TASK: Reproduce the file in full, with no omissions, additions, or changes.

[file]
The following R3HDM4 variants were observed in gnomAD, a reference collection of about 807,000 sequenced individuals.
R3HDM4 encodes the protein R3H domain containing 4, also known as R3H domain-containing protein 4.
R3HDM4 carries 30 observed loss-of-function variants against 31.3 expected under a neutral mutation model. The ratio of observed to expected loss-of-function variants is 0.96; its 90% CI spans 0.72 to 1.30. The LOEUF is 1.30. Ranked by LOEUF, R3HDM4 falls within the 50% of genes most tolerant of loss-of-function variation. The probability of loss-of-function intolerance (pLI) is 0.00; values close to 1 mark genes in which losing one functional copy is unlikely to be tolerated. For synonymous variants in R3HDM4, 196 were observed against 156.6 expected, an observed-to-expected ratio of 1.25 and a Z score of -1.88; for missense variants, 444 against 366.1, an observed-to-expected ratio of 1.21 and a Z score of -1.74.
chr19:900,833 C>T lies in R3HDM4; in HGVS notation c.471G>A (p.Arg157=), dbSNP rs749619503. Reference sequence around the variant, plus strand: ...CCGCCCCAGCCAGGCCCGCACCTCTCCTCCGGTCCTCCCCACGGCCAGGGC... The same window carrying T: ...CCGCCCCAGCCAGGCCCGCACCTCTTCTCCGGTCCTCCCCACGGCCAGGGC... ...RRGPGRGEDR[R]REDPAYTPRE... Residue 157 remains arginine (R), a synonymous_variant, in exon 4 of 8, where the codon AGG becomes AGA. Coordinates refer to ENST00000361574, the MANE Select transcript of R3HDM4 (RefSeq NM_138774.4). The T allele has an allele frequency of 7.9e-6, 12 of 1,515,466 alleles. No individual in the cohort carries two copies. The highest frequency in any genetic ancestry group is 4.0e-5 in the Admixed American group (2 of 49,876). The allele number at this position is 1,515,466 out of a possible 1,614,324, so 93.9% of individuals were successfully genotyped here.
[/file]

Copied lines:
The following R3HDM4 variants were observed in gnomAD, a reference collection of about 807,000 sequenced individuals.
R3HDM4 encodes the protein R3H domain containing 4, also known as R3H domain-containing protein 4.
R3HDM4 carries 30 observed loss-of-function variants against 31.3 expected under a neutral mutation model. The ratio of observed to expected loss-of-function variants is 0.96; its 90% CI spans 0.72 to 1.30. The LOEUF is 1.30. Ranked by LOEUF, R3HDM4 falls within the 50% of genes most tolerant of loss-of-function variation. The probability of loss-of-function intolerance (pLI) is 0.00; values close to 1 mark genes in which losing one functional copy is unlikely to be tolerated. For synonymous variants in R3HDM4, 196 were observed against 156.6 expected, an observed-to-expected ratio of 1.25 and a Z score of -1.88; for missense variants, 444 against 366.1, an observed-to-expected ratio of 1.21 and a Z score of -1.74.
chr19:900,833 C>T lies in R3HDM4; in HGVS notation c.471G>A (p.Arg157=), dbSNP rs749619503. Reference sequence around the variant, plus strand: ...CCGCCCCAGCCAGGCCCGCACCTCTCCTCCGGTCCTCCCCACGGCCAGGGC... The same window carrying T: ...CCGCCCCAGCCAGGCCCGCACCTCTTCTCCGGTCCTCCCCACGGCCAGGGC... ...RRGPGRGEDR[R]REDPAYTPRE... Residue 157 remains arginine (R), a synonymous_variant, in exon 4 of 8, where the codon AGG becomes AGA. Coordinates refer to ENST00000361574, the MANE Select transcript of R3HDM4 (RefSeq NM_138774.4). The T allele has an allele frequency of 7.9e-6, 12 of 1,515,466 alleles. No individual in the cohort carries two copies. The highest frequency in any genetic ancestry group is 4.0e-5 in the Admixed American group (2 of 49,876). The allele number at this position is 1,515,466 out of a possible 1,614,324, so 93.9% of individuals were successfully genotyped here.